Early warning is a key element for disaster risk reduction. In recent decades, there has been a major advancement in medium range and seasonal forecasting. These could provide a great opportunity to improve early warning systems and advisories for early action for strategic and long term planning. This could result in increasing emphasis on proactive rather than reactive management of adverse consequences of flood events. This can be also very helpful for the agricultural sector by providing a diversity of options to farmers (e.g. changing cropping pattern, planting timing, etc.). An experimental medium range (1-10 days) flood forecasting model has been developed for Bangladesh which provides 51 set of discharge ensembles forecasts of one to ten days with significant persistence and high certainty. This could help communities (i.e. farmer) for gain/lost estimation as well as crop savings. This paper describe the application of ensembles probabilistic flood forecast at the community level for differential decision making focused on agriculture. The framework allows users to interactively specify the objectives and criteria that are germane to a particular situation, and obtain the management options that are possible, and the exogenous influences that should be taken into account before planning and decision making. risk and vulnerability assessment was conducted through community consultation. The forecast lead time requirement, users' needs, impact and management options for crops, livestock and fisheries sectors were identified through focus group discussions, informal interviews and questionnaire survey.

  20. English-Medium Instruction in an English-French Bilingual Setting: Issues of Quality and Equity in Cameroon

    ERIC Educational Resources Information Center

    Kuchah, Kuchah

    2016-01-01

    Despite its multilingual nature Cameroon's educational system provides for full immersion into either French-medium or English-medium education from the first year schooling. Following political tensions in the early 1990s the country decided to reaffirm its commitment to promote bilingualism in the educational system with the outcome being the…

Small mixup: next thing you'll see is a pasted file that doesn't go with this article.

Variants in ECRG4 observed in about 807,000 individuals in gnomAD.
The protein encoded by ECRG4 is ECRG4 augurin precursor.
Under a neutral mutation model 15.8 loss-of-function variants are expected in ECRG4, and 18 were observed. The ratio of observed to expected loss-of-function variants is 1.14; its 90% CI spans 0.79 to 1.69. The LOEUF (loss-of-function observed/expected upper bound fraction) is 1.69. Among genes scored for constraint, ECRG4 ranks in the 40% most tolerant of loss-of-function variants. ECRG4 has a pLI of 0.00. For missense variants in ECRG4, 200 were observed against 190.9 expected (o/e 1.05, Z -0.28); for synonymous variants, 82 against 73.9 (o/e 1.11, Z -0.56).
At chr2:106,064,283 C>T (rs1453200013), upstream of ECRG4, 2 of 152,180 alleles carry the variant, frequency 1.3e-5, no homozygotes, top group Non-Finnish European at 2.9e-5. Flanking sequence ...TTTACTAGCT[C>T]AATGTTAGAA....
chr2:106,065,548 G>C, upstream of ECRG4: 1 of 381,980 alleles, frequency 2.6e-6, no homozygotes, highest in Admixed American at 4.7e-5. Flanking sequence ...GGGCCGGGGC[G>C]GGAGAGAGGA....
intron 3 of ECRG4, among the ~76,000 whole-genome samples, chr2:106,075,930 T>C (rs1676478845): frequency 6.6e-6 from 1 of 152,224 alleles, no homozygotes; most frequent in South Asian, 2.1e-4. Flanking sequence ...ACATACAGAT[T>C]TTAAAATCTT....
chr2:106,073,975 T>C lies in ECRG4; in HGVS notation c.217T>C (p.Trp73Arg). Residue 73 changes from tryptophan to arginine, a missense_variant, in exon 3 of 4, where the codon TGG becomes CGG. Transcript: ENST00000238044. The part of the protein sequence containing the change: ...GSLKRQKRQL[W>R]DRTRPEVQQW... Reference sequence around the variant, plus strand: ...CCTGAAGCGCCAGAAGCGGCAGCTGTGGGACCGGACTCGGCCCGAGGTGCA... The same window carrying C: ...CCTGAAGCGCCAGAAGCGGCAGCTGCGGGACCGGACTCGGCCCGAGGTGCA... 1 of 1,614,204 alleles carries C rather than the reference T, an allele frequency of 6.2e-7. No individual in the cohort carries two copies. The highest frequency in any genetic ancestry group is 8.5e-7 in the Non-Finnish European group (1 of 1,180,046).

1. Chemically defined medium and Caenorhabditis elegans

    NASA Technical Reports Server (NTRS)

    Szewczyk, Nathaniel J.; Kozak, Elena; Conley, Catharine A.

    2003-01-01

    BACKGROUND: C. elegans has been established as a powerful genetic system. Use of a chemically defined medium (C. elegans Maintenance Medium (CeMM)) now allows standardization and systematic manipulation of the nutrients that animals receive. Liquid cultivation allows automated culturing and experimentation and should be of use in large-scale growth and screening of animals. RESULTS: We find that CeMM is versatile and culturing is simple. CeMM can be used in a solid or liquid state, it can be stored unused for at least a year, unattended actively growing cultures may be maintained longer than with standard techniques, and standard C. elegans protocols work well with animals grown in defined medium. We also find that there are caveats to using defined medium. Animals in defined medium grow more slowly than on standard medium, appear to display adaptation to the defined medium, and display altered growth rates as they change the composition of the defined medium. CONCLUSIONS: As was suggested with the introduction of C. elegans as a potential genetic system, use of defined medium with C. elegans should prove a powerful tool.

  2. Early Intervention.

    ERIC Educational Resources Information Center

    Nathanson, Jeanne H., Ed.

    1992-01-01